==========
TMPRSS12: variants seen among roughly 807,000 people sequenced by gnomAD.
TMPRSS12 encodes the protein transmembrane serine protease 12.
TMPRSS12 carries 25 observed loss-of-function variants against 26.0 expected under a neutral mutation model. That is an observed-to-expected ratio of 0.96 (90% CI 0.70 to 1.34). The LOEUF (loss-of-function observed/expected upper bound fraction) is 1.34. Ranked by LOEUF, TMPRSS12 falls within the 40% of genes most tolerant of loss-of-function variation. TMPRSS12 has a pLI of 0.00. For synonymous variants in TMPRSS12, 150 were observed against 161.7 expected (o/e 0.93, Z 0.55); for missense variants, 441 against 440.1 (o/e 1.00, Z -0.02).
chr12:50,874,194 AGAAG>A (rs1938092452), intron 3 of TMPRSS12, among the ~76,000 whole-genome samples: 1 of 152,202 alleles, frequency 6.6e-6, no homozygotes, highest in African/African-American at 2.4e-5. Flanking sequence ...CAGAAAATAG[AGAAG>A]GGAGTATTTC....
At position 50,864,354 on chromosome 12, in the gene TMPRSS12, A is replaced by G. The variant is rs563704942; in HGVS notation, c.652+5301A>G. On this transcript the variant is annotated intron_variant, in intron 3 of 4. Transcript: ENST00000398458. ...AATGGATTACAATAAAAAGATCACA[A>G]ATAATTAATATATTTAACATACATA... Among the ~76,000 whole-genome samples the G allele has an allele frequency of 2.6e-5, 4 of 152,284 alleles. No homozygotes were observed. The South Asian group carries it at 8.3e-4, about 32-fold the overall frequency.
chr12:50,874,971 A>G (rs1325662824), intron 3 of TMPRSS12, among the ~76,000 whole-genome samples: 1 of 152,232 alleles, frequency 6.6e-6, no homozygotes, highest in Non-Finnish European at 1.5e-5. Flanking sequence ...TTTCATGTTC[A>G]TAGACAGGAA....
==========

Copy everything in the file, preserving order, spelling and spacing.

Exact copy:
TMPRSS12: variants seen among roughly 807,000 people sequenced by gnomAD.
TMPRSS12 encodes the protein transmembrane serine protease 12.
TMPRSS12 carries 25 observed loss-of-function variants against 26.0 expected under a neutral mutation model. That is an observed-to-expected ratio of 0.96 (90% CI 0.70 to 1.34). The LOEUF (loss-of-function observed/expected upper bound fraction) is 1.34. Ranked by LOEUF, TMPRSS12 falls within the 40% of genes most tolerant of loss-of-function variation. TMPRSS12 has a pLI of 0.00. For synonymous variants in TMPRSS12, 150 were observed against 161.7 expected (o/e 0.93, Z 0.55); for missense variants, 441 against 440.1 (o/e 1.00, Z -0.02).
chr12:50,874,194 AGAAG>A (rs1938092452), intron 3 of TMPRSS12, among the ~76,000 whole-genome samples: 1 of 152,202 alleles, frequency 6.6e-6, no homozygotes, highest in African/African-American at 2.4e-5. Flanking sequence ...CAGAAAATAG[AGAAG>A]GGAGTATTTC....
At position 50,864,354 on chromosome 12, in the gene TMPRSS12, A is replaced by G. The variant is rs563704942; in HGVS notation, c.652+5301A>G. On this transcript the variant is annotated intron_variant, in intron 3 of 4. Transcript: ENST00000398458. ...AATGGATTACAATAAAAAGATCACA[A>G]ATAATTAATATATTTAACATACATA... Among the ~76,000 whole-genome samples the G allele has an allele frequency of 2.6e-5, 4 of 152,284 alleles. No homozygotes were observed. The South Asian group carries it at 8.3e-4, about 32-fold the overall frequency.
chr12:50,874,971 A>G (rs1325662824), intron 3 of TMPRSS12, among the ~76,000 whole-genome samples: 1 of 152,232 alleles, frequency 6.6e-6, no homozygotes, highest in Non-Finnish European at 1.5e-5. Flanking sequence ...TTTCATGTTC[A>G]TAGACAGGAA....